Health secretary Alan Johnson will today announce the Government's policy on whether to allow patients to 'top up' NHS provision of care, which is not currently permitted. The result is universally expected to be an approval to change this policy, hedged around with practical caveats.

This follows cancer czar Professor Mike Richards' review of existing policy, which states that NHS provision of care should be withdrawn if a patient goes private for part of their treatment. The issue has come to a head in particular around high-cost new cancer drugs, which the National Institute for Health and Clinical Excellence (NICE) has deemed not to be cost-effective.

Various recent reports have highlighted hospitals' strategies for getting around the ban in top-ups by advising patients who can pay to get the drugs administered in their own homes by companies such as Healthcare At Home.

Both the NHS Confederation and the Kings Fund have come out in favour of permitting top-ups provided that there are adequate safeguards in place. However, trades union UNISON remains opposed to the principle of allowing wealthier people to purchase better care.

In a statement on the eve of the announcement, Nigel Edwards, the NHS Confederation's director of policy, called for safeguards for all NHS patients and stressed that changes to the rules governing top-up payments should not be allowed to undermine the core principles of the NHS.

Thin end of the wedge?
Edwards said, “this change in policy is welcome and helps deal with a situation which had become unsupportable. But allowing private payments alongside NHS care cannot be allowed to become the thin end of the wedge – no one wants a two-speed health service and this should not become a step in that direction. The NHS still provides free, comprehensive access to cost effective treatments and it is important to remember that 54 out of 59 cancer treatments assessed by NICE have been approved.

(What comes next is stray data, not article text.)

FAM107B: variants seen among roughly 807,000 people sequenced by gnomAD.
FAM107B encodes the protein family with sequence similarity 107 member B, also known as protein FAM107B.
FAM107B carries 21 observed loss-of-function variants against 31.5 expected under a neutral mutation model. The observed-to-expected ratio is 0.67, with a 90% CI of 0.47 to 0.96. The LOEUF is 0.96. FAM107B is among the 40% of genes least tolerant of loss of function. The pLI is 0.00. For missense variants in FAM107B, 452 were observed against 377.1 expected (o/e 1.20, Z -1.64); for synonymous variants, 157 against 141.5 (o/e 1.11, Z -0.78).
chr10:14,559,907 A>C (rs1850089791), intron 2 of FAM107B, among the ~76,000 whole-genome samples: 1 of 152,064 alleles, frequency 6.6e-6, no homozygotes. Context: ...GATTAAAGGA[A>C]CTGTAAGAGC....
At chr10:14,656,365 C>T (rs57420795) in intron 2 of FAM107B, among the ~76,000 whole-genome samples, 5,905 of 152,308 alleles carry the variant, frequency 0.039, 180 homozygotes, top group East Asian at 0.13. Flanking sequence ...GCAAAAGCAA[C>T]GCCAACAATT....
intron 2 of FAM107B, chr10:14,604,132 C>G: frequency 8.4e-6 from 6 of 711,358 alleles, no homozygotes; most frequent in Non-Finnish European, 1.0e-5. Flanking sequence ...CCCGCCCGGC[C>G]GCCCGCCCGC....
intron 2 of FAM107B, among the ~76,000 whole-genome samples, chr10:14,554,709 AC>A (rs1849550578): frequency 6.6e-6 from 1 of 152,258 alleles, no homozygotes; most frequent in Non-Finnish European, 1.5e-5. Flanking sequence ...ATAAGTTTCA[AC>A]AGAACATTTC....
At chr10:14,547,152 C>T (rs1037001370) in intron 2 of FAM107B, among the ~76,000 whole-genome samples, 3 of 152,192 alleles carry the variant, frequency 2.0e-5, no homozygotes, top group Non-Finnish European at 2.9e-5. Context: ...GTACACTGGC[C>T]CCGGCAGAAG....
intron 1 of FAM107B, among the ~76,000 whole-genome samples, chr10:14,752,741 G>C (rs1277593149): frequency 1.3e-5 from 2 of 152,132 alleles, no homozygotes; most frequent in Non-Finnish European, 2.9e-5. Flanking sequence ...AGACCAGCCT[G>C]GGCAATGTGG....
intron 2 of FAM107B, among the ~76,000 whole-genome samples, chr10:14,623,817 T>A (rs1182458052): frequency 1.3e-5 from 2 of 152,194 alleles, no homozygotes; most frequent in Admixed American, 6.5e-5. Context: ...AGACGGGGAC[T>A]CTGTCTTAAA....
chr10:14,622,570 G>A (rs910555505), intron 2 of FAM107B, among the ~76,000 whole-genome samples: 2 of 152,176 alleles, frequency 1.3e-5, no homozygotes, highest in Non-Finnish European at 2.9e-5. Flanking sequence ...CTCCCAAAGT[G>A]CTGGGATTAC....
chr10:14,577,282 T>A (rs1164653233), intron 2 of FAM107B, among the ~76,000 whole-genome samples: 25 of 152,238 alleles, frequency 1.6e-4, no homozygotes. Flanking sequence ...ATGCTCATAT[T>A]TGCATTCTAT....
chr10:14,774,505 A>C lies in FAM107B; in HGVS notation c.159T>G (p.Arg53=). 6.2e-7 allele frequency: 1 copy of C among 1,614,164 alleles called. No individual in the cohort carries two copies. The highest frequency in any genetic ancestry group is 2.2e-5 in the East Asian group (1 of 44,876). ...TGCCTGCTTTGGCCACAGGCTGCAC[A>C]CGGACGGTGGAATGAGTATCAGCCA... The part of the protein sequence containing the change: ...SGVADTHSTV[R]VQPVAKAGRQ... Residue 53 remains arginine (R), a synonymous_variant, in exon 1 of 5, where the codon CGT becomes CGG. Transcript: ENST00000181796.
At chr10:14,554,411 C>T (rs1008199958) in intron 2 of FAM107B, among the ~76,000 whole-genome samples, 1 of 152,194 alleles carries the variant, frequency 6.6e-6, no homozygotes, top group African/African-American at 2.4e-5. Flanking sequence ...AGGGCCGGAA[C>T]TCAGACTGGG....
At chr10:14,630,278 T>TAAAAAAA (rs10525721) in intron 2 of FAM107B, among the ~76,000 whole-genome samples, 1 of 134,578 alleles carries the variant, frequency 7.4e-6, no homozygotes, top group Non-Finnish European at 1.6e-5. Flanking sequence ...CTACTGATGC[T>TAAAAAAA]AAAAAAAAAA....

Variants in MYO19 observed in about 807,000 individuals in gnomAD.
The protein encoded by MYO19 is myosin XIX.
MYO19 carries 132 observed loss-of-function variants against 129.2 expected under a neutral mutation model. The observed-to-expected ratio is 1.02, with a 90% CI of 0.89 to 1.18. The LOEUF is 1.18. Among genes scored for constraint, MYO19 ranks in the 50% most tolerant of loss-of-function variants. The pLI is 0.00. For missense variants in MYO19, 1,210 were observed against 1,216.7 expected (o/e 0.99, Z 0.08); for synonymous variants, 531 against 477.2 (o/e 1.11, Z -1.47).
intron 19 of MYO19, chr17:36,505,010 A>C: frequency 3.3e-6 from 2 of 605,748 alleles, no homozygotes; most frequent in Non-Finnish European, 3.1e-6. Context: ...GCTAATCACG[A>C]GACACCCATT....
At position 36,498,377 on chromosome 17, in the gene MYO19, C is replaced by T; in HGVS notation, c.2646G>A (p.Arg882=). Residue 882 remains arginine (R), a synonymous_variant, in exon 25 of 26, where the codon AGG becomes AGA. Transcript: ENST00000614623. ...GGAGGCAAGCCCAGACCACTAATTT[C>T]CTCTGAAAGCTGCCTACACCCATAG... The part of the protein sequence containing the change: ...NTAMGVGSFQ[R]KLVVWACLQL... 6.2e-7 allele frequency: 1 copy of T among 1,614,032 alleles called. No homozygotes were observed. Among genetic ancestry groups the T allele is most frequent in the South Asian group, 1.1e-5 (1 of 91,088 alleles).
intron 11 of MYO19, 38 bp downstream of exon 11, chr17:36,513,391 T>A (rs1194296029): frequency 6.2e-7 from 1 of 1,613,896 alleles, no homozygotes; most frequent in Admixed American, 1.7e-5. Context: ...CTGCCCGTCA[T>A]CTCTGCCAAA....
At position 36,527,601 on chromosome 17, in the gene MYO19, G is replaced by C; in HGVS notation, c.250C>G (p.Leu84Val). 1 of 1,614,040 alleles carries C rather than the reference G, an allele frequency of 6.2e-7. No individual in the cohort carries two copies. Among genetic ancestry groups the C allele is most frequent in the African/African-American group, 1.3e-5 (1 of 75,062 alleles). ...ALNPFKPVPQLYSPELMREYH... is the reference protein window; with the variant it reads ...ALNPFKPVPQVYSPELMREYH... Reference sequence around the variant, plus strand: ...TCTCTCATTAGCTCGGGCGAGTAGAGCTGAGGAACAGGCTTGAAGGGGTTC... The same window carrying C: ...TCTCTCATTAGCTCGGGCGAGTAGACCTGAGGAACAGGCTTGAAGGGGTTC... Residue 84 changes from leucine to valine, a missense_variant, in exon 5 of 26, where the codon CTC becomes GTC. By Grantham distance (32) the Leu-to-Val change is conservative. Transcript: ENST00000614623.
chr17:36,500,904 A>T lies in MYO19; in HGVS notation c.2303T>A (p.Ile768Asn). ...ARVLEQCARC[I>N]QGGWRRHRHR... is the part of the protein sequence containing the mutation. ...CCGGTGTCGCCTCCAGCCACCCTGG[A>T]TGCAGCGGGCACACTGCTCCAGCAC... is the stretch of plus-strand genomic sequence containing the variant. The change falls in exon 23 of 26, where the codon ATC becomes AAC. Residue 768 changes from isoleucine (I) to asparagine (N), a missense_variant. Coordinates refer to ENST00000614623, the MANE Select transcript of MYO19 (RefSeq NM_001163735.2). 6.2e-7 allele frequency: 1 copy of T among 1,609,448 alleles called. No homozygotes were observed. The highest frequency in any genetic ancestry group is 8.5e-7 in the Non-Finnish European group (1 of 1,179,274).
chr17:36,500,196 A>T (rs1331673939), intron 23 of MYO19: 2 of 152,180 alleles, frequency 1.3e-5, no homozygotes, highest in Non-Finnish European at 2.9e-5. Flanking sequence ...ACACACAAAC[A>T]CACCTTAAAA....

“There is no doubt that the restriction on these payments threatened to undermine public confidence in the NHS and caused considerable worry both for the small number of patients it affected and to the public as a whole".

Improving NICE assessments
Edwards added that improvements are needed to NICE's work processes, "most importantly its procedures need to be speeded up so decisions about useful new drugs are made as quickly as possible.

“There is also clearly scope to improve the way PCTs' exceptional case panels, which decide on whether drugs can be used by patients, operate.”

Edwards also warned that ensuring adequate information about 'top-up' drugs efficacy and side-effects was needed for consumer protection, and suggested "we are hopeful that the Government will look at the relationship with the drugs companies who should also respond to this move by doing their bit by looking at how they cost and market drugs. We now urgently need to explore risk sharing models with drugs companies where they are paid based on effectiveness and that they share the risk of new, sometimes marginal treatments, with the NHS and patients.

“Ultimately if we take steps to improve the way NICE works and the effectiveness of exceptional case panels then it should be possible to reduce the demand for top-ups to a relatively small number of cases.”